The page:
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Migrants pedal their way home, say ‘can’t survive in TN anymore’

Cycle shops in the city’s industrial belts and their outskirts are most sought-after these days. The customers, stranded migrant workers, have hardly any money left and prefer used ones to new. Fed up with the endless wait for trains, their only aim is to reach their homeland, though it means peddling hundreds of kilometres.

Migrants pedal their way home, say ‘can’t survive in TN anymore’
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Unlike others, this migrant workeris a proud owner of a new bicycle

Chennai

Most of them want to reach as far as Bihar, Jharkhand, Madhya Pradesh and West Bengal. “The bicycles distributed among school students under the free State government scheme are the ones in demand. They come at Rs 1,800 to Rs 2,000,” said Kumaresan, a cycle shop owner at Ambattur. He said ever since he opened his cycle shop on May 8, migrant workers were his only customers.

“I sold all 27 used cycles lying at my shop for months in five days for Rs 1,400 to Rs 2,000. Now I have bought some cycles used by students and are selling them,” said Kumaresan, adding he is giving the cycles to only after repairing and replacing damaged parts as “they have a long way to go”.

Sivakumar, owner of Sri Rajalakshmi cycle shop at Ambattur, said he had sold 45 new bicycles to the migrant workers since May 11. “Earlier we used to sell only three to four cycles a day,” he said, adding the price of the new cycles for adults starts at Rs 4,000.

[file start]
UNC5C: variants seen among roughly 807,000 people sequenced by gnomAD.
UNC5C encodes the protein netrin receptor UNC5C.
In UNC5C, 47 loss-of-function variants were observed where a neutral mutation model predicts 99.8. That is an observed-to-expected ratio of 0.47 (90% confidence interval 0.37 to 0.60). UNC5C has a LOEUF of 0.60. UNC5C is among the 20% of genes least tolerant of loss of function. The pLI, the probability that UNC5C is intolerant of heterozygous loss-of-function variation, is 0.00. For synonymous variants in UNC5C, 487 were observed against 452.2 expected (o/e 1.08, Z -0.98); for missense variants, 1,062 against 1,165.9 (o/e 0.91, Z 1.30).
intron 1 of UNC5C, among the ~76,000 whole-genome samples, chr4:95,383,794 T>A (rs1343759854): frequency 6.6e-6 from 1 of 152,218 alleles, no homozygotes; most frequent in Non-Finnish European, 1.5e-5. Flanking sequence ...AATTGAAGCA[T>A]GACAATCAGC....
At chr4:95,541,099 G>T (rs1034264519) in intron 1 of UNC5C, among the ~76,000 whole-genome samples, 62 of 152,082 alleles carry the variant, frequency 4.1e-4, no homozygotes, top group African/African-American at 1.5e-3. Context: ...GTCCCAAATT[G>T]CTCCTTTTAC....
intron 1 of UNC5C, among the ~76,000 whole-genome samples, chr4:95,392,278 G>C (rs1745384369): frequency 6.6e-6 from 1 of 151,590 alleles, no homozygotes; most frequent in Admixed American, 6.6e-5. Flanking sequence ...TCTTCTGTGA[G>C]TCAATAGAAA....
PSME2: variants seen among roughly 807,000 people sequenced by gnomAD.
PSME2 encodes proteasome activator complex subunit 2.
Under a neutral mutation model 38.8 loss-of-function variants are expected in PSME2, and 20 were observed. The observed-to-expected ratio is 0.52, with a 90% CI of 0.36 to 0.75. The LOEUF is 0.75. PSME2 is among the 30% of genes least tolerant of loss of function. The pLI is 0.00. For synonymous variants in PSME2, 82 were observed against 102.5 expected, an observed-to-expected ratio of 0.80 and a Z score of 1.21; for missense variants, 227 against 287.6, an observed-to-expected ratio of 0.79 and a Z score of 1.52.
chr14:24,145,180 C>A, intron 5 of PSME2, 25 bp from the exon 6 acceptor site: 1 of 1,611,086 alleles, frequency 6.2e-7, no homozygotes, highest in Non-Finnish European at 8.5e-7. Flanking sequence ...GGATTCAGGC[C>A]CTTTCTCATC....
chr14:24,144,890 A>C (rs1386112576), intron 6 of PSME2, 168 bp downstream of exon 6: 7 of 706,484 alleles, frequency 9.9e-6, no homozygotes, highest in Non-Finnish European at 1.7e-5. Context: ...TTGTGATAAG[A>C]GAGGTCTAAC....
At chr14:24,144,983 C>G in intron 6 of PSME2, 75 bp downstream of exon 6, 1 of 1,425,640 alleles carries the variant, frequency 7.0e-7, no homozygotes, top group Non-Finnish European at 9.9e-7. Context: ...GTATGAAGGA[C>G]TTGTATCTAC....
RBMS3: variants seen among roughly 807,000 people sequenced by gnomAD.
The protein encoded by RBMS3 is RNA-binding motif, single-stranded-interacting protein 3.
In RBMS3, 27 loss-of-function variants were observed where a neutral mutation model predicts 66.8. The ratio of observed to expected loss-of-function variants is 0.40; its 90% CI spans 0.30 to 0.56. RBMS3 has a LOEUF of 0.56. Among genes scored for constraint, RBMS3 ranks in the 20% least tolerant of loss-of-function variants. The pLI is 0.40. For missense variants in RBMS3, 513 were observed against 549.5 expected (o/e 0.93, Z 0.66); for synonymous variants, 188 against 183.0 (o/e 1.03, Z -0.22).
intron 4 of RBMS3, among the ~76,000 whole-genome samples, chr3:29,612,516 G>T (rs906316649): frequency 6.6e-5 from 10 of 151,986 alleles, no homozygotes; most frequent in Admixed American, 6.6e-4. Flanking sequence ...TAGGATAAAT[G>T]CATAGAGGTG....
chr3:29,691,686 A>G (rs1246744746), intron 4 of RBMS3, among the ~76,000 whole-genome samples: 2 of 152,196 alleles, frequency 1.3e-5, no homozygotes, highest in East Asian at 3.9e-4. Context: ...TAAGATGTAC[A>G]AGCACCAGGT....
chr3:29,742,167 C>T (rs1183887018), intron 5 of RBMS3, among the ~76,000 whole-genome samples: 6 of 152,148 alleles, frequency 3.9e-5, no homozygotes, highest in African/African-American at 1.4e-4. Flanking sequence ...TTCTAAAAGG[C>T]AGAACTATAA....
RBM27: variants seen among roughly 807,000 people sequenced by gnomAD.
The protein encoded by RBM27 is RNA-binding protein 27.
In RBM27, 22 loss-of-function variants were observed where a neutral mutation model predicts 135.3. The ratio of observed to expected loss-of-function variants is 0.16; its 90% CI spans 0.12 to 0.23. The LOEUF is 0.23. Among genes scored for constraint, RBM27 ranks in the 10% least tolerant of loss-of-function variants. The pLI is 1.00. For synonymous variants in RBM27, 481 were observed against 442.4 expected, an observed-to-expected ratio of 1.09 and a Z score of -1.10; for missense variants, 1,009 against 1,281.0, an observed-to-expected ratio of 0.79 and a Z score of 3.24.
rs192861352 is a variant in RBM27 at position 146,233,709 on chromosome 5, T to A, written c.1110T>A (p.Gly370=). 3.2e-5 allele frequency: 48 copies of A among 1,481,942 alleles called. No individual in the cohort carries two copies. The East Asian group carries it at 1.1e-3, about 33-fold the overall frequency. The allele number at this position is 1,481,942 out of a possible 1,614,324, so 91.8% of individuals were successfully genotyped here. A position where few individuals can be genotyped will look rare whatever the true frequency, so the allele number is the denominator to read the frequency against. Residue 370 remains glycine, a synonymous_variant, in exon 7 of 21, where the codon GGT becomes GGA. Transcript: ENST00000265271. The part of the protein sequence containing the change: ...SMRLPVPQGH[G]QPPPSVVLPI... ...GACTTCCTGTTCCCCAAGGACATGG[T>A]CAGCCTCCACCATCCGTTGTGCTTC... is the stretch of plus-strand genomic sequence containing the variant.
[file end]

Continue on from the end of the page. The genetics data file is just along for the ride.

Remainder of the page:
Amit Kumar, a construction worker, along with his three friends have set out on a 1,800-km-long journey to their homes at Nawada in Bihar on their brand new bicycles after they lost hope of travelling by train. “We brought the new cycle for Rs 5,600 each, borrowing money from friends and relatives back home. We have no money left after remaining jobless for over 50 days. We cannot survive here anymore and hence decided to go on cycles,” he said.

R Chezhiyan of South Asian Cycles at Kallikuppam said he was selling new cycles to the workers at a very less margin considering their sufferings. He said he provided a free emergency kit, comprising of an air pump, puncture kit and tools along with usual accessories like bell and lock to all 15 migrant workers who bought cycles from him.

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